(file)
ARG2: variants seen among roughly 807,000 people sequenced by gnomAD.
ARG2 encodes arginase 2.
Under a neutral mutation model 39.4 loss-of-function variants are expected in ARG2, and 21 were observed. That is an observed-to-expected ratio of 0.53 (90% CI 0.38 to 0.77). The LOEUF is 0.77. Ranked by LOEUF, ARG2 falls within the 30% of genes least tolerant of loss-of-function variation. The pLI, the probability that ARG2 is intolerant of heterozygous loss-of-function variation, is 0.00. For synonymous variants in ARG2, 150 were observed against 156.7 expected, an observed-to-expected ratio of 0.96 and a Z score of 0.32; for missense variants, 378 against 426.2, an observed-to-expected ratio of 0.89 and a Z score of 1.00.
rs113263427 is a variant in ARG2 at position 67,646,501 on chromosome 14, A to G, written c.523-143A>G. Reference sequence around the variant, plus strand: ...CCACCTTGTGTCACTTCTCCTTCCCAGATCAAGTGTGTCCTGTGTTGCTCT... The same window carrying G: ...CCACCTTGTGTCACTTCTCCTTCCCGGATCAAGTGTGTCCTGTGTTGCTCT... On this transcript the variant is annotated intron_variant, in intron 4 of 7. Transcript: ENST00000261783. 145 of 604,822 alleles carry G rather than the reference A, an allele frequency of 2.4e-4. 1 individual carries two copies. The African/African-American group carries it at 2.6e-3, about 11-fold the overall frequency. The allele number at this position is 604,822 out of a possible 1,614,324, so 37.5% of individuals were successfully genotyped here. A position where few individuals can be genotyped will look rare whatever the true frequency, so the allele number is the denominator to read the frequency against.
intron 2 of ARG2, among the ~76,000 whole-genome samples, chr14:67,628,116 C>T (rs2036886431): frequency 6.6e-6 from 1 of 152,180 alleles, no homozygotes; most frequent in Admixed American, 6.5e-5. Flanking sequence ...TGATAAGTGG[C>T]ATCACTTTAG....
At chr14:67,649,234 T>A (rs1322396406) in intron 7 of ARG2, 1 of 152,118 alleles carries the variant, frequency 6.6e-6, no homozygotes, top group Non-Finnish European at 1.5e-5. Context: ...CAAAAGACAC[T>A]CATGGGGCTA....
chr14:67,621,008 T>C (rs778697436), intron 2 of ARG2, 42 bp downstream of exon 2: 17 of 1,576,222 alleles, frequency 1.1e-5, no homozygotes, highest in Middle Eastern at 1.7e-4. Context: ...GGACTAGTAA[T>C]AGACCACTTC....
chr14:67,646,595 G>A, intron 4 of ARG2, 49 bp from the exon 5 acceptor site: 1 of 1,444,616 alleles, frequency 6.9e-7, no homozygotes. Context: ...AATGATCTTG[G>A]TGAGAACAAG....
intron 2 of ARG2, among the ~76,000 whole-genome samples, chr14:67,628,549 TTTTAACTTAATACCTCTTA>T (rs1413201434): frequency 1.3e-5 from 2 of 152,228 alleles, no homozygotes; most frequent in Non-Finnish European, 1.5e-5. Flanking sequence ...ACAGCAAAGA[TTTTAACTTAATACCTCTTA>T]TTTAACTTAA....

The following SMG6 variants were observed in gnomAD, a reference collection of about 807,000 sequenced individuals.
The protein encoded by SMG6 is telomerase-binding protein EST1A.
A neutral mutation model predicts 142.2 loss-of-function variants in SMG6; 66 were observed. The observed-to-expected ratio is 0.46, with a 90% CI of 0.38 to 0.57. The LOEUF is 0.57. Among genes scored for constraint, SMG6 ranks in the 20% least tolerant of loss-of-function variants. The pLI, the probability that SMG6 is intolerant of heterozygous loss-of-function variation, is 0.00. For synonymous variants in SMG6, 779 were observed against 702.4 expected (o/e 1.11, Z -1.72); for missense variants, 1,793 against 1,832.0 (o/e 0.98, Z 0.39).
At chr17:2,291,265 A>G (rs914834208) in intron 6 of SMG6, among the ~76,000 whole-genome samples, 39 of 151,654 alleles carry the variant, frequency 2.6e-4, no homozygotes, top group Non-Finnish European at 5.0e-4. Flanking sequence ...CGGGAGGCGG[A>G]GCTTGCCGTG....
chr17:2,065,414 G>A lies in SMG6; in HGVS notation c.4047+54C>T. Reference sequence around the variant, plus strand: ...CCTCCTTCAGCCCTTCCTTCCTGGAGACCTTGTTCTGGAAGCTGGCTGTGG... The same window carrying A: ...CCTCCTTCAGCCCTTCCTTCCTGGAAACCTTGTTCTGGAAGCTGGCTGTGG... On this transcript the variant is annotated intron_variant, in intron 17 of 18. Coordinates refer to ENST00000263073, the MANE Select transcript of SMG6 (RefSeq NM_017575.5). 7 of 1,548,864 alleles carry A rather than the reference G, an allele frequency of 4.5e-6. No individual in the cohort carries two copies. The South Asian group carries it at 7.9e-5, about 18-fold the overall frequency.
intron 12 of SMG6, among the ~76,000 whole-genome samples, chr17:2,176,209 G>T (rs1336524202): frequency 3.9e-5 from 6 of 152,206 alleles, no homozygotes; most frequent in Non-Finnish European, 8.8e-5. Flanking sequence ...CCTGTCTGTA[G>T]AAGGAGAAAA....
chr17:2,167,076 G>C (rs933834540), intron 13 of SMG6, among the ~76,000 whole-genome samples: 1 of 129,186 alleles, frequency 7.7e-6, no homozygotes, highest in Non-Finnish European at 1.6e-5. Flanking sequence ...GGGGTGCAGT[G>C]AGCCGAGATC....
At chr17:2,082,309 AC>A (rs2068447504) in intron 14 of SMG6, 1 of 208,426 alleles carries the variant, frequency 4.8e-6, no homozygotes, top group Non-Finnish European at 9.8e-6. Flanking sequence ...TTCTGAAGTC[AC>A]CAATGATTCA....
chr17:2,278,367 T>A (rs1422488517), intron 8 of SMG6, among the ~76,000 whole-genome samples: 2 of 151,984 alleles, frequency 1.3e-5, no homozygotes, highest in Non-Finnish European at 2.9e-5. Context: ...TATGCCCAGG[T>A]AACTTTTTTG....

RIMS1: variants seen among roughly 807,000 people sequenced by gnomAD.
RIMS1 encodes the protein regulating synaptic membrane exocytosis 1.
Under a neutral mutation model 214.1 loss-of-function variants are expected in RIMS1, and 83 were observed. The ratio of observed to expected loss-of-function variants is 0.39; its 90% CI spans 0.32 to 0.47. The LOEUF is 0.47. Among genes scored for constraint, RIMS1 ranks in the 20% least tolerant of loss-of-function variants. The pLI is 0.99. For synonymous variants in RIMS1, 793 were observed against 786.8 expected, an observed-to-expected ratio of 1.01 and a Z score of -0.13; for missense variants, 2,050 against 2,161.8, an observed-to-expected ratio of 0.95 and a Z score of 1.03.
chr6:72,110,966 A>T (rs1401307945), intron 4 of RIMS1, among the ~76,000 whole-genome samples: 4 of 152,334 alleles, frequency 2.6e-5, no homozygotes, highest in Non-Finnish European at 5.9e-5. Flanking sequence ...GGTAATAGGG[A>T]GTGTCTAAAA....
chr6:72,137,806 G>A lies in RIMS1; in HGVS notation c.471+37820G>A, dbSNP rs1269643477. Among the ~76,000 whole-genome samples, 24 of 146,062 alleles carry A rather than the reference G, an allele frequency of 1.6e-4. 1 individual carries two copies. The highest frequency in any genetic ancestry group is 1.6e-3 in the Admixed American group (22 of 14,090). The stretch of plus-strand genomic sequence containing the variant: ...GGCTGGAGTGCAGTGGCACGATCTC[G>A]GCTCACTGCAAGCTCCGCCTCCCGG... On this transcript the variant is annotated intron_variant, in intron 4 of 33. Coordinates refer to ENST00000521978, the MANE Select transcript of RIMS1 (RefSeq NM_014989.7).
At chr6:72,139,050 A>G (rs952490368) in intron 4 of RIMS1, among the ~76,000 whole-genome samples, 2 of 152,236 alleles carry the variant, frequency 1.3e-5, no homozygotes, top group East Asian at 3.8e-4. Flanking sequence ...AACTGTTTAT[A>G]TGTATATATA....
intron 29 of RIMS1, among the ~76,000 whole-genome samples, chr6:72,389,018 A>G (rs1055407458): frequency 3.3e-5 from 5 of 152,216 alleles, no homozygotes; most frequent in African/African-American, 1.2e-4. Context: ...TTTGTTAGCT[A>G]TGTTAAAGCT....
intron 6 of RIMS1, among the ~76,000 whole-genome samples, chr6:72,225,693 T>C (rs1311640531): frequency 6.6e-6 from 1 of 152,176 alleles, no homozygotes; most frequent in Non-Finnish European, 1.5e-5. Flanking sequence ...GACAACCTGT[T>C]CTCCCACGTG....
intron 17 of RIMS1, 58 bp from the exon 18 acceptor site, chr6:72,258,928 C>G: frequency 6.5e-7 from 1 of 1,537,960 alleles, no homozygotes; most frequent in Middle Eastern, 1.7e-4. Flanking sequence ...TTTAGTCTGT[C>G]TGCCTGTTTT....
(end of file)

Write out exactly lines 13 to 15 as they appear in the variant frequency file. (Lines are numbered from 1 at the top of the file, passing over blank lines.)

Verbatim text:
At chr17:2,291,265 A>G (rs914834208) in intron 6 of SMG6, among the ~76,000 whole-genome samples, 39 of 151,654 alleles carry the variant, frequency 2.6e-4, no homozygotes, top group Non-Finnish European at 5.0e-4. Flanking sequence ...CGGGAGGCGG[A>G]GCTTGCCGTG....
chr17:2,065,414 G>A lies in SMG6; in HGVS notation c.4047+54C>T. Reference sequence around the variant, plus strand: ...CCTCCTTCAGCCCTTCCTTCCTGGAGACCTTGTTCTGGAAGCTGGCTGTGG... The same window carrying A: ...CCTCCTTCAGCCCTTCCTTCCTGGAAACCTTGTTCTGGAAGCTGGCTGTGG... On this transcript the variant is annotated intron_variant, in intron 17 of 18. Coordinates refer to ENST00000263073, the MANE Select transcript of SMG6 (RefSeq NM_017575.5). 7 of 1,548,864 alleles carry A rather than the reference G, an allele frequency of 4.5e-6. No individual in the cohort carries two copies. The South Asian group carries it at 7.9e-5, about 18-fold the overall frequency.
intron 12 of SMG6, among the ~76,000 whole-genome samples, chr17:2,176,209 G>T (rs1336524202): frequency 3.9e-5 from 6 of 152,206 alleles, no homozygotes; most frequent in Non-Finnish European, 8.8e-5. Flanking sequence ...CCTGTCTGTA[G>T]AAGGAGAAAA....